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Tim Wheeler | December 9, 2013
Maryland joined seven other Northeast and Mid-Atlantic states Monday in asking for federal help to curb air pollution from outside their borders, saying emissions from the Midwest and South are hurting their residents' health and their economies. The eight states petitioned the Environmental Protection Agency to require nine "upwind" states - Illinois, Indiana, Kentucky, Michigan, North Caroline, Ohio, Tennessee, Virginia and West Virginia - to join an interstate commission that over the past two decades has yielded ozone pollution reductions in Maryland and other Northeast and Mid-Atlantic states.
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NEWS
By Diane Leopold | December 4, 2013
The liquefied natural gas (LNG) facility at the Dominion Cove Point Terminal has long been a model of industrial and environmental cooperation. More than 1,000 acres of pristine beach, forest and marsh lands in southern Maryland are conserved, while at the same time the Chesapeake Bay is unharmed. Dominion is proud of its award-winning role as an environmental steward at Cove Point and has designed its proposed LNG export project to continue that commitment. The Baltimore Sun's Sunday editorial calling for greater scrutiny of the project fails to take these facts and many more into account.
NEWS
By Timothy B. Wheeler, The Baltimore Sun | November 24, 2013
Solar power is going everywhere these days — homes, businesses, schools, even sewage plants. Howard County is beginning work this week installing about 740 photovoltaic panels at its Little Patuxent Water Reclamation Plant in Savage. The $1.5 million project will generate a fraction of the power needed by Maryland's fifth largest wastewater treatment plant. Its chief purpose, however, according to County Executive Ken Ulman, is to offset carbon emissions from big new diesel generators being installed to prevent sewage spills like the massive one triggered by Superstorm Sandy last year.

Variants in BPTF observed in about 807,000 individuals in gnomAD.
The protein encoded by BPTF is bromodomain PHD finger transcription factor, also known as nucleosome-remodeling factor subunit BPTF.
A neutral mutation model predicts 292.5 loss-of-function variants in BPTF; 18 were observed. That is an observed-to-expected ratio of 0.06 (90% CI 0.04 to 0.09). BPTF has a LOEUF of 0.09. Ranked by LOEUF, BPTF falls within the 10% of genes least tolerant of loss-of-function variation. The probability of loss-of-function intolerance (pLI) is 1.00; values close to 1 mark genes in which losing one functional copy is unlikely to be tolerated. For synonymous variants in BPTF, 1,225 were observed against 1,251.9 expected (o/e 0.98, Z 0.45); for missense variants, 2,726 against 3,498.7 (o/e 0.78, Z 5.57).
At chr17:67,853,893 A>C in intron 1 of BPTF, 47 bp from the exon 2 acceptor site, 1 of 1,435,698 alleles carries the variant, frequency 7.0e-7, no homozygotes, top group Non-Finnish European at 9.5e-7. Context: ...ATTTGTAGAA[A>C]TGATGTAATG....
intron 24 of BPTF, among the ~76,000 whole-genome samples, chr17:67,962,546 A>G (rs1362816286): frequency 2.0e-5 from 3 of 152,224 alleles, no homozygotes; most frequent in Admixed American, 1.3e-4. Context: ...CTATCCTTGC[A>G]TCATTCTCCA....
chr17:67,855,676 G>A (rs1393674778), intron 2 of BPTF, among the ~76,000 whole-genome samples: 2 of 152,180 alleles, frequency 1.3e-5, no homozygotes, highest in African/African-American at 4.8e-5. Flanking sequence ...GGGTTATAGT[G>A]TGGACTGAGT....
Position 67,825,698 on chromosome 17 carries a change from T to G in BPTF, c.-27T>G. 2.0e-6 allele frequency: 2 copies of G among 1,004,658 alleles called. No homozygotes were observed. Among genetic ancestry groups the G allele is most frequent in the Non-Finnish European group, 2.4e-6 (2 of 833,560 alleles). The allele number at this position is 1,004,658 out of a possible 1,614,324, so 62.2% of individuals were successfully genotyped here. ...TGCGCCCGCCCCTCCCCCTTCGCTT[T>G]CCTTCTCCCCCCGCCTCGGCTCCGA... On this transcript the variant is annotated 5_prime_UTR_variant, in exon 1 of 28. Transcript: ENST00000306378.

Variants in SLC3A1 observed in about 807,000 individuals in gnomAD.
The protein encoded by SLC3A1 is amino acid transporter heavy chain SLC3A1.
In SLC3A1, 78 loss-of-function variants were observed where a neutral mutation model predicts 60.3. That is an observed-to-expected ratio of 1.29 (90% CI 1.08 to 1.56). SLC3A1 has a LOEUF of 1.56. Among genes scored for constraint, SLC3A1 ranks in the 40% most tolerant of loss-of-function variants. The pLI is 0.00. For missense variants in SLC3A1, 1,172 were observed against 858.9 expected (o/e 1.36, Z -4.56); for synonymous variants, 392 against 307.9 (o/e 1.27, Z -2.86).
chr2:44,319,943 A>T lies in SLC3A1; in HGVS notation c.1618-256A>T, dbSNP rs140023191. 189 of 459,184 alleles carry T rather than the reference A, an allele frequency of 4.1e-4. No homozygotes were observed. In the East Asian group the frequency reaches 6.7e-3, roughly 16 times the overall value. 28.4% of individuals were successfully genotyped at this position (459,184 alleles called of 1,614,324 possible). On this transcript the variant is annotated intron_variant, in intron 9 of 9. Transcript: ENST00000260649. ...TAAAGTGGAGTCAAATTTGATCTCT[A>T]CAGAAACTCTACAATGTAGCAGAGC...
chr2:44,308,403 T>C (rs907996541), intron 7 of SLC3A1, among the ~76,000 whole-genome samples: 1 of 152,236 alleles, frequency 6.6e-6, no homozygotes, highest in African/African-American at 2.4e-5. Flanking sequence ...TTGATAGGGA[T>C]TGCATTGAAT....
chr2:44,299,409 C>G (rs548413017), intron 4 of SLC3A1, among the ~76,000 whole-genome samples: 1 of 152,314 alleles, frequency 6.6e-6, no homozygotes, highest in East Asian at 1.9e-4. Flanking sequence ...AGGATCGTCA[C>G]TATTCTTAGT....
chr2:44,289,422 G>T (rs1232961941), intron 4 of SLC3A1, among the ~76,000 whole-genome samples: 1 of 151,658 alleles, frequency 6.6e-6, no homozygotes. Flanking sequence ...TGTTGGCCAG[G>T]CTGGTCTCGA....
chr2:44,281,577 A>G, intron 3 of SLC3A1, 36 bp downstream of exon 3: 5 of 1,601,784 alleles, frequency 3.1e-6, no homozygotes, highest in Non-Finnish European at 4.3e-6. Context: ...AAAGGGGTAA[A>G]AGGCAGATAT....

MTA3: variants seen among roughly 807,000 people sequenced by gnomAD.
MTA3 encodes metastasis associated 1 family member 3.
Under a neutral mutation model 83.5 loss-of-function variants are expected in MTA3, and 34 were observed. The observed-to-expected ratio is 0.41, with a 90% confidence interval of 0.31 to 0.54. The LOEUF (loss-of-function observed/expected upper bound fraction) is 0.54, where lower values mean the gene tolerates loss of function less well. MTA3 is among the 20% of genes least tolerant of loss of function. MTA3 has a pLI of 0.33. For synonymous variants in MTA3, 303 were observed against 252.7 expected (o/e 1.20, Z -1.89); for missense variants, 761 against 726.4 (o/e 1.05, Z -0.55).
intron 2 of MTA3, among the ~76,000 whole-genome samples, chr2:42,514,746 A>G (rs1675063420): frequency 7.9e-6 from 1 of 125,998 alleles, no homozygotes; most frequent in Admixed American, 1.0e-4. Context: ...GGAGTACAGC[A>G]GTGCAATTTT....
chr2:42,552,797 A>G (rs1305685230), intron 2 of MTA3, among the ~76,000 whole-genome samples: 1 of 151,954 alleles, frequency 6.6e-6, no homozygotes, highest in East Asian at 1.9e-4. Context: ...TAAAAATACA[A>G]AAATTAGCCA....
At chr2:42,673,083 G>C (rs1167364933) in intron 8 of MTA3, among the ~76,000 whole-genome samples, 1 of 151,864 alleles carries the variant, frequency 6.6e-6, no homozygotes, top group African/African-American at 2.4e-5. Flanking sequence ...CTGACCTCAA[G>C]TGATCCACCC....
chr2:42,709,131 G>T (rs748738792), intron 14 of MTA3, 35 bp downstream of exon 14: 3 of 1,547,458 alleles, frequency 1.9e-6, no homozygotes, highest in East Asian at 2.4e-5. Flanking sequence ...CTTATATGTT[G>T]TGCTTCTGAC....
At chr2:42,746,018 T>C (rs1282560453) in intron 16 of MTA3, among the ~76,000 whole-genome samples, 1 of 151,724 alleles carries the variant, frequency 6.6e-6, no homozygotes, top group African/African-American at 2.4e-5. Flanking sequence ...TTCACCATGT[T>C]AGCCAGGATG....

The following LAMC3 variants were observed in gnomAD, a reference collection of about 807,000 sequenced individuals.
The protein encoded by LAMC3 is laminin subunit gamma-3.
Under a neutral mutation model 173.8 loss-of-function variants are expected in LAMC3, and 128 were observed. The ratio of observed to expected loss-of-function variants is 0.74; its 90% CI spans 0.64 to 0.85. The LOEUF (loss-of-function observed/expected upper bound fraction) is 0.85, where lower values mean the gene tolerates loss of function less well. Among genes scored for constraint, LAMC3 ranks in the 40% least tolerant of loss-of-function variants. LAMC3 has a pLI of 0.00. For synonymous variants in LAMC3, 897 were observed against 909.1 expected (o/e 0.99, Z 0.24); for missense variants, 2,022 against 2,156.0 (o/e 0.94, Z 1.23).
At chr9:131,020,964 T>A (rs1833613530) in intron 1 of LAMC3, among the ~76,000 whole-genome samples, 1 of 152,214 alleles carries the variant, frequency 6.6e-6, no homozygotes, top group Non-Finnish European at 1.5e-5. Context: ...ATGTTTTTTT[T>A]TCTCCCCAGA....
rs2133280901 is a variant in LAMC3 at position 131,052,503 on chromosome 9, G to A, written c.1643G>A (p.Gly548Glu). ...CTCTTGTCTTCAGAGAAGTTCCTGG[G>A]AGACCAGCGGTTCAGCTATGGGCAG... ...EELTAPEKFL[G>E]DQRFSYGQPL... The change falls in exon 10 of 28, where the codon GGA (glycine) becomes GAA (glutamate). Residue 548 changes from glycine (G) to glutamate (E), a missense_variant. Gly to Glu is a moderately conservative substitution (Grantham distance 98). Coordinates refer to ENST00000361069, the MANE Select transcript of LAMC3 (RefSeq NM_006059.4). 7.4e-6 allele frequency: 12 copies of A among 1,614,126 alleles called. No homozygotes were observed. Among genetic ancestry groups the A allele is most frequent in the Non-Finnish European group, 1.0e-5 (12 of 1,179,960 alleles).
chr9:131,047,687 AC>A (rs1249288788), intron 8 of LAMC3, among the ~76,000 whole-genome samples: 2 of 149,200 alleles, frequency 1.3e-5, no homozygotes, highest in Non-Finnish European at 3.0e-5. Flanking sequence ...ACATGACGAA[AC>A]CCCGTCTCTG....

NEWS
November 17, 2013
James McGarry contends that Dominion Resources' plan to export liquefied natural gas would "damage" the environment and "threaten the economy" ( "Exporting natural gas is a bad deal for Maryland" Dec. 4). Both these claims are unequivocally false. According to the Environmental Protection Agency, natural gas produces about half the CO2 emissions as coal. Inexpensive natural gas is the chief reason why energy-related CO2 emissions have been plummeting in the United States. Making it easier for other coal-using countries to shift to natural gas would have a very positive impact on the environment.
FEATURES
Tim Wheeler | November 6, 2013
Reducing air pollution has given an unexpectedly big boost to long-running efforts to clean up the Chesapeake Bay, a new study finds. Resarchers at the University of Maryland Center for Environmental Science determined that nitrogen pollution in nine mostly forested rivers and streams in the Appalachian reaches of the bay watershed has declined in tandem with government-mandated air pollution reductions for power plants and motor vehicles....
NEWS
September 23, 2013